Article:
- The summit eruption of Kīlauea Volcano continues, with all eruptive activity confined to Halemaʻumaʻu crater. No significant changes have been observed at the summit or in either rift zone.
- The current USGS Volcano Alert Level is WATCH.
- In this week’s Volcano Watch article, the USGS Hawaiian Volcano Observatory writes about the idea that the current eruption has been continuous for one year. “Close, but not quite,” the headline of the article reads.
From the Volcano Watch article:
The ongoing summit eruption at Kīlauea volcano turned 1 year old on September 29, 2022. The past year’s activity has commonly been described as “continuous” effusion of lava within Halemaʻumaʻu crater. Although this has been mostly true—especially in recent months—there have been multiple occasions when lava was not flowing. What happened at those times, and why?
During the late fall and winter of 2021–2022, the eruption would episodically pause for periods lasting from hours to days. These pauses typically occurred in conjunction with deflation-inflation (DI) events in the summit magma reservoir, as recorded by USGS Hawaiian Volcano Observatory (HVO) tiltmeters in the region.
As the summit deflated the surface of the active lava lake would drop, eventually settling about 10 meters below the rim of the surrounding levees. At this point the lava would crust over, except for a small active pond near the western eruptive vent. Notably, during each pause there was also a substantial reduction in sulfur dioxide (SO2) emissions, suggesting that little to no magma was rising in the shallow conduit below the eruptive vent.
When the summit reinflated to a critical point, lava would flow from this pond to slowly refill the lava lake. Surges of lava followed many of the pauses and often caused overflows from the active lake onto large sections of the surrounding crater floor. Breakouts of lava from around the circumference of the crater floor were also common during eruption restarts. These events were responsible for significantly thickening the crust making up the current crater floor.
Why did these pauses occur? HVO scientists are still exploring this question. The pauses were clearly associated with DI events during this period. However, many other DI events occurred both before and after the period of pauses last fall and winter. The DI events associated with pauses were not particularly large and some were tiny compared to many of those that preceded and followed the period of pauses. It remains curious why some of these DI events shut down the eruption while others caused only minor fluctuations in activity.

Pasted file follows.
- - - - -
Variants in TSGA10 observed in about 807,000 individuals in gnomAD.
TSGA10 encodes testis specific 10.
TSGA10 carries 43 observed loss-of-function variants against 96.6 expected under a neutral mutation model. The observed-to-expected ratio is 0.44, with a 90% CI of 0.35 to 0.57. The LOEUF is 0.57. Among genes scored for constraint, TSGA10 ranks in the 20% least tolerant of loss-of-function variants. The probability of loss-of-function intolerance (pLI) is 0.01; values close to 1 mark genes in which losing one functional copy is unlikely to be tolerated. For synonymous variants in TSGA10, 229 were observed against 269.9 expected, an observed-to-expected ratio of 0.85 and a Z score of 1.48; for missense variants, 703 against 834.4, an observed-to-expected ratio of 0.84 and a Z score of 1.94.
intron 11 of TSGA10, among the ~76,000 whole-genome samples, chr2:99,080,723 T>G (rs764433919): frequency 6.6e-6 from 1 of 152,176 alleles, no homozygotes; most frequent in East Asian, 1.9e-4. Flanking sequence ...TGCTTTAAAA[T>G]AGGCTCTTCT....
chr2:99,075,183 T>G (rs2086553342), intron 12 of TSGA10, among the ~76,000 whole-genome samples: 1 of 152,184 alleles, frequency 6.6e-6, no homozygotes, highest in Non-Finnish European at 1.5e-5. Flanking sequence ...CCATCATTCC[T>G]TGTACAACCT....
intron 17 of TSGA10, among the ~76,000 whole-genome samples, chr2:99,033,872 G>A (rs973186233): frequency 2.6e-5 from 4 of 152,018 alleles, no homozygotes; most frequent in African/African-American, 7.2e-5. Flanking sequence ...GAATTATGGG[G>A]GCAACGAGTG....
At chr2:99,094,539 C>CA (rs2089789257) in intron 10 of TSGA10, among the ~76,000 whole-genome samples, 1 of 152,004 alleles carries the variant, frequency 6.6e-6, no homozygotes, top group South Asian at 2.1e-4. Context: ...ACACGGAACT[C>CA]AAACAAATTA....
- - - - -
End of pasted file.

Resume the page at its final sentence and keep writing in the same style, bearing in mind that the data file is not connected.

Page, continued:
The last pause to date occurred on March 18, and since then there has been truly (or mostly truly) continuous lava effusion. The crater floor has also continued to rise due to lava spreading from the active lake to areas beneath the crust. This “endogenous” injection of lava lifts the crater floor, like the inflation of an air mattress.
The eruptive activity at Kīlauea summit was disrupted one more time on September 20, when a swarm of several dozen earthquakes occurred below Halemaʻumaʻu. Simultaneously, tiltmeters measured rapid inflation in the summit region. Around 4:30 p.m. webcams recorded the higher central part of the crater floor dropping by several meters at the same time breakouts occurred along the lower margins of the crater floor. The earthquakes and inflationary tilt soon tailed off followed by the return of steady activity within the lava lake.
Initial observations suggested that the conduit to the eruptive vent may have experienced a structural failure—allowing dense lava below the crater floor to infiltrate the conduit, causing it to clog. Geophysical data from this event and the following days tell a very different story. Interferometric Synthetic Aperture Radar (InSAR) data from satellites show that an area around the west side of Halemaʻumaʻu crater uplifted by a couple centimeters around September 20. Modeling of the seismicity and deformation by HVO scientists indicates that a horizontal body of magma, called a sill, may have been intruded between old layers of lava below the crater that day.
The fact that the summit inflated on September 20, but never deflated in association with the new lava breakouts, is consistent with the accumulation of magma somewhere below ground. The drop of the crater floor suggests the possibility that some lava may have drained back down the conduit to form part of the sill as well.
As data collection continues, we hope to learn even more about the volcanic processes that influence and control eruptive pauses and sill formation at Kīlauea volcano.